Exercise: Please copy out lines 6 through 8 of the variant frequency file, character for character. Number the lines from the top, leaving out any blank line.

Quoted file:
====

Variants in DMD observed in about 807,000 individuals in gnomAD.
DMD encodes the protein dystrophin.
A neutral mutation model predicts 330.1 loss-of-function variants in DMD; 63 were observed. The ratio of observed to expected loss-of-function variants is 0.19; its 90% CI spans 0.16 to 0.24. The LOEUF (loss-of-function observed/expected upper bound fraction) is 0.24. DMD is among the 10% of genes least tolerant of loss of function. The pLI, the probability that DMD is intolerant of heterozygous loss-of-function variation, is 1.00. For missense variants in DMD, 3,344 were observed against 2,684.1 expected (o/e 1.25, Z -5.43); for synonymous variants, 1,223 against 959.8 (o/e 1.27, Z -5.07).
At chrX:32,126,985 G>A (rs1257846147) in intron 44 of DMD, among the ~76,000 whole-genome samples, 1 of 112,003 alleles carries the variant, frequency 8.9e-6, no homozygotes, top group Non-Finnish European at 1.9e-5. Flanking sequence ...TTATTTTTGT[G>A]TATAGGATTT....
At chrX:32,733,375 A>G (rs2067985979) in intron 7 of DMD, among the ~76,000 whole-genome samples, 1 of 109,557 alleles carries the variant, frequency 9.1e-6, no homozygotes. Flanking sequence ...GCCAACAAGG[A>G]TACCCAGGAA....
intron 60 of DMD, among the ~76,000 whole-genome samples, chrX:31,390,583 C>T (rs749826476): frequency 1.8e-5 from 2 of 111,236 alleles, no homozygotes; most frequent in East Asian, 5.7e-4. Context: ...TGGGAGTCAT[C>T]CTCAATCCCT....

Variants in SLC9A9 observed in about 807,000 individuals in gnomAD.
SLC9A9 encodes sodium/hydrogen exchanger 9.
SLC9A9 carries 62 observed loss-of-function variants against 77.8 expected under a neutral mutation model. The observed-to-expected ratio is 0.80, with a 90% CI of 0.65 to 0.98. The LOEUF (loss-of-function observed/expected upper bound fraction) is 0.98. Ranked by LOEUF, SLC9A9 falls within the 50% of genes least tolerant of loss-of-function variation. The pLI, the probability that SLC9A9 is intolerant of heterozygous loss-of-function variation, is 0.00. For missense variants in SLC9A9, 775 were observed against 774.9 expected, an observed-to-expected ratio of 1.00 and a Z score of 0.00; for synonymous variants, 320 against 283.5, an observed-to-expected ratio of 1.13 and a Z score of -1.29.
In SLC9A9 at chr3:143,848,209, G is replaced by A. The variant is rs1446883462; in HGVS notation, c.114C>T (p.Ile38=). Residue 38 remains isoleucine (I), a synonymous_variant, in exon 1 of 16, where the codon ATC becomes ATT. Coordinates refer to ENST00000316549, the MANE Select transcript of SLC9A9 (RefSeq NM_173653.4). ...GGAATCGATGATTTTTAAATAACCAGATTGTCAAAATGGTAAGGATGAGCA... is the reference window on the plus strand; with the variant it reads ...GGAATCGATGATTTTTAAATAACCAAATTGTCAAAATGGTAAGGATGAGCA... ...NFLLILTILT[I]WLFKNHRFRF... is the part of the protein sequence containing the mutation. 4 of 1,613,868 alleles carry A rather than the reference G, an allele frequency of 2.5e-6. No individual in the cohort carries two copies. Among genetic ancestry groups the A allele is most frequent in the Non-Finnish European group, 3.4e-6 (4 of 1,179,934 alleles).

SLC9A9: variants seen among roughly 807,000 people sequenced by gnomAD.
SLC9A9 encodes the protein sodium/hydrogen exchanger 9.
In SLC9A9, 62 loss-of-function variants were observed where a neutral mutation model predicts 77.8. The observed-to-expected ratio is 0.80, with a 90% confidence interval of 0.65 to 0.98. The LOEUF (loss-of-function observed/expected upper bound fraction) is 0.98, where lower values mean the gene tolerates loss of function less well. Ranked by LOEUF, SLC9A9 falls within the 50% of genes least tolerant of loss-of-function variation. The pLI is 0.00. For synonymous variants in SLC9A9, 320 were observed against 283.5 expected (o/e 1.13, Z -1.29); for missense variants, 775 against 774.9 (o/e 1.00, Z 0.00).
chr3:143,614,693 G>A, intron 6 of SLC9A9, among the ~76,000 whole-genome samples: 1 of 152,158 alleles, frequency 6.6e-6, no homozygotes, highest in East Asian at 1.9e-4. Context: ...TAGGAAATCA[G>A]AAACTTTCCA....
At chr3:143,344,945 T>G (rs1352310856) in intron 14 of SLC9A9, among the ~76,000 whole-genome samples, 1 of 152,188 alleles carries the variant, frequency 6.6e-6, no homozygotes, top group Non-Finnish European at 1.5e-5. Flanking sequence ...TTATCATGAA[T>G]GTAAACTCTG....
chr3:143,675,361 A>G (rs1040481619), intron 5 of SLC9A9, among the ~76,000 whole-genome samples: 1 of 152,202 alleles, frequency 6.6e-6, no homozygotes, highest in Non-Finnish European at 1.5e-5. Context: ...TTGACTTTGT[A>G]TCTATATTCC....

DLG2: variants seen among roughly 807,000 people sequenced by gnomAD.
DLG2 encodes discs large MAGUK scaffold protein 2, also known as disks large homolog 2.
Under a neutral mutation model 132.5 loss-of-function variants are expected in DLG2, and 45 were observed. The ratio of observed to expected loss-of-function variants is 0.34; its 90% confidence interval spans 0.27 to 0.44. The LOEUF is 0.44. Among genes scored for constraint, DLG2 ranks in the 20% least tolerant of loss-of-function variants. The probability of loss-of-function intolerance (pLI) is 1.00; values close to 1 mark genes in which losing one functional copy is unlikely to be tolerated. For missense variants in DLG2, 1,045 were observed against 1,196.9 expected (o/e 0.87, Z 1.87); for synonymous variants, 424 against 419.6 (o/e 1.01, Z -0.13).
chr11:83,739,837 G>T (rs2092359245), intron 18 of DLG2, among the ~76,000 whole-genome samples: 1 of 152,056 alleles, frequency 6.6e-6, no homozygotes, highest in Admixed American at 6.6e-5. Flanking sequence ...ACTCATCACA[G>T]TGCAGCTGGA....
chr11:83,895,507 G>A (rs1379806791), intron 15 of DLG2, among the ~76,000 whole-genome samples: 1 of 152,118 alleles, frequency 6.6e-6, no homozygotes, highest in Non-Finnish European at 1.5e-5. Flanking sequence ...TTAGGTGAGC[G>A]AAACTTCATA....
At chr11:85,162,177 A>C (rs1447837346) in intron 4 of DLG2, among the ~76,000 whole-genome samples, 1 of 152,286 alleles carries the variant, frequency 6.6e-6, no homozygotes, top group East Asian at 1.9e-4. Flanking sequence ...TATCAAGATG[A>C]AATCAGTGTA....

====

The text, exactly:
intron 60 of DMD, among the ~76,000 whole-genome samples, chrX:31,390,583 C>T (rs749826476): frequency 1.8e-5 from 2 of 111,236 alleles, no homozygotes; most frequent in East Asian, 5.7e-4. Context: ...TGGGAGTCAT[C>T]CTCAATCCCT....

Variants in SLC9A9 observed in about 807,000 individuals in gnomAD.
SLC9A9 encodes sodium/hydrogen exchanger 9.